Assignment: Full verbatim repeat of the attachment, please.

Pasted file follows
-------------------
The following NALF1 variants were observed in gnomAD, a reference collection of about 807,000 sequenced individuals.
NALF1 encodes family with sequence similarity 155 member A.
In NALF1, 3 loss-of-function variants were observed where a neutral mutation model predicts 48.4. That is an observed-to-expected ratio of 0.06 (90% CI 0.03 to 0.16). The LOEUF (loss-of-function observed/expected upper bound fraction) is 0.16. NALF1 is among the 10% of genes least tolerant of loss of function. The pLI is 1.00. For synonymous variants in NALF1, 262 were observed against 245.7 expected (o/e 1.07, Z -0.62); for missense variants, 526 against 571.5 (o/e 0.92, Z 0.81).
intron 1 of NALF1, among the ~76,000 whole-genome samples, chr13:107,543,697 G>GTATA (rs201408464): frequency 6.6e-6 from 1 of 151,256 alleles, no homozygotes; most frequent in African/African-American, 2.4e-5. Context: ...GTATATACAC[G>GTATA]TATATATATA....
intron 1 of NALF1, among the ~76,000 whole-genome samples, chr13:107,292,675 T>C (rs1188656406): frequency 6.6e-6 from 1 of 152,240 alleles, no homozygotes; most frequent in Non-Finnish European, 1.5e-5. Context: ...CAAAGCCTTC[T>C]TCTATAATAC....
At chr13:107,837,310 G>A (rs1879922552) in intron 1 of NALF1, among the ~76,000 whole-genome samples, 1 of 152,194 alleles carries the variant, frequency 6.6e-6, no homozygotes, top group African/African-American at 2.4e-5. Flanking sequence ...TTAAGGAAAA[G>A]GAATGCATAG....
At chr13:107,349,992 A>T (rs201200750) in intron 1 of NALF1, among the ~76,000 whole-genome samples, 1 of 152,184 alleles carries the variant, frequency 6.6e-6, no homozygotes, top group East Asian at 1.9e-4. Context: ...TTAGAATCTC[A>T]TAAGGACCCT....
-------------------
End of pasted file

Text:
The following NALF1 variants were observed in gnomAD, a reference collection of about 807,000 sequenced individuals.
NALF1 encodes family with sequence similarity 155 member A.
In NALF1, 3 loss-of-function variants were observed where a neutral mutation model predicts 48.4. That is an observed-to-expected ratio of 0.06 (90% CI 0.03 to 0.16). The LOEUF (loss-of-function observed/expected upper bound fraction) is 0.16. NALF1 is among the 10% of genes least tolerant of loss of function. The pLI is 1.00. For synonymous variants in NALF1, 262 were observed against 245.7 expected (o/e 1.07, Z -0.62); for missense variants, 526 against 571.5 (o/e 0.92, Z 0.81).
intron 1 of NALF1, among the ~76,000 whole-genome samples, chr13:107,543,697 G>GTATA (rs201408464): frequency 6.6e-6 from 1 of 151,256 alleles, no homozygotes; most frequent in African/African-American, 2.4e-5. Context: ...GTATATACAC[G>GTATA]TATATATATA....
intron 1 of NALF1, among the ~76,000 whole-genome samples, chr13:107,292,675 T>C (rs1188656406): frequency 6.6e-6 from 1 of 152,240 alleles, no homozygotes; most frequent in Non-Finnish European, 1.5e-5. Context: ...CAAAGCCTTC[T>C]TCTATAATAC....
At chr13:107,837,310 G>A (rs1879922552) in intron 1 of NALF1, among the ~76,000 whole-genome samples, 1 of 152,194 alleles carries the variant, frequency 6.6e-6, no homozygotes, top group African/African-American at 2.4e-5. Flanking sequence ...TTAAGGAAAA[G>A]GAATGCATAG....
At chr13:107,349,992 A>T (rs201200750) in intron 1 of NALF1, among the ~76,000 whole-genome samples, 1 of 152,184 alleles carries the variant, frequency 6.6e-6, no homozygotes, top group East Asian at 1.9e-4. Context: ...TTAGAATCTC[A>T]TAAGGACCCT....